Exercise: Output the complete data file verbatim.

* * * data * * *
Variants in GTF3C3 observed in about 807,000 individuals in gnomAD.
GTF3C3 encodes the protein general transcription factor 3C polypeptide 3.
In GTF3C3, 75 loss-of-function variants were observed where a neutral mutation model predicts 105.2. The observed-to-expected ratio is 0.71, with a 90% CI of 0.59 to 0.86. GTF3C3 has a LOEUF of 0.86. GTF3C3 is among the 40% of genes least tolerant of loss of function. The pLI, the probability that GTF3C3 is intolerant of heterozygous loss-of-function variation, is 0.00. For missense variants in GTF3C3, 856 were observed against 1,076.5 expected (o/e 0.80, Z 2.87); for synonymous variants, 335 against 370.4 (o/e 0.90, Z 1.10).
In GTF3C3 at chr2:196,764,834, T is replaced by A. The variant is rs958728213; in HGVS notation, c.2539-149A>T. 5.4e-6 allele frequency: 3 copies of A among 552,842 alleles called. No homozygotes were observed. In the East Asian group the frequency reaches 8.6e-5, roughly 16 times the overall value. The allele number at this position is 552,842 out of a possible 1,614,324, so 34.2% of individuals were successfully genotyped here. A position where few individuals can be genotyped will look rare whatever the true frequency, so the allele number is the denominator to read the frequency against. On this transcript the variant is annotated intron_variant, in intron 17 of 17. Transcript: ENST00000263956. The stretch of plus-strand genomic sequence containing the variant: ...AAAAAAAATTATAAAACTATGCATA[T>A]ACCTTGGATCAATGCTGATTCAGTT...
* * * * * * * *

Variants in GTF3C3 observed in about 807,000 individuals in gnomAD.
GTF3C3 encodes the protein general transcription factor 3C polypeptide 3.
In GTF3C3, 75 loss-of-function variants were observed where a neutral mutation model predicts 105.2. The observed-to-expected ratio is 0.71, with a 90% CI of 0.59 to 0.86. GTF3C3 has a LOEUF of 0.86. GTF3C3 is among the 40% of genes least tolerant of loss of function. The pLI, the probability that GTF3C3 is intolerant of heterozygous loss-of-function variation, is 0.00. For missense variants in GTF3C3, 856 were observed against 1,076.5 expected (o/e 0.80, Z 2.87); for synonymous variants, 335 against 370.4 (o/e 0.90, Z 1.10).
In GTF3C3 at chr2:196,764,834, T is replaced by A. The variant is rs958728213; in HGVS notation, c.2539-149A>T. 5.4e-6 allele frequency: 3 copies of A among 552,842 alleles called. No homozygotes were observed. In the East Asian group the frequency reaches 8.6e-5, roughly 16 times the overall value. The allele number at this position is 552,842 out of a possible 1,614,324, so 34.2% of individuals were successfully genotyped here. A position where few individuals can be genotyped will look rare whatever the true frequency, so the allele number is the denominator to read the frequency against. On this transcript the variant is annotated intron_variant, in intron 17 of 17. Transcript: ENST00000263956. The stretch of plus-strand genomic sequence containing the variant: ...AAAAAAAATTATAAAACTATGCATA[T>A]ACCTTGGATCAATGCTGATTCAGTT...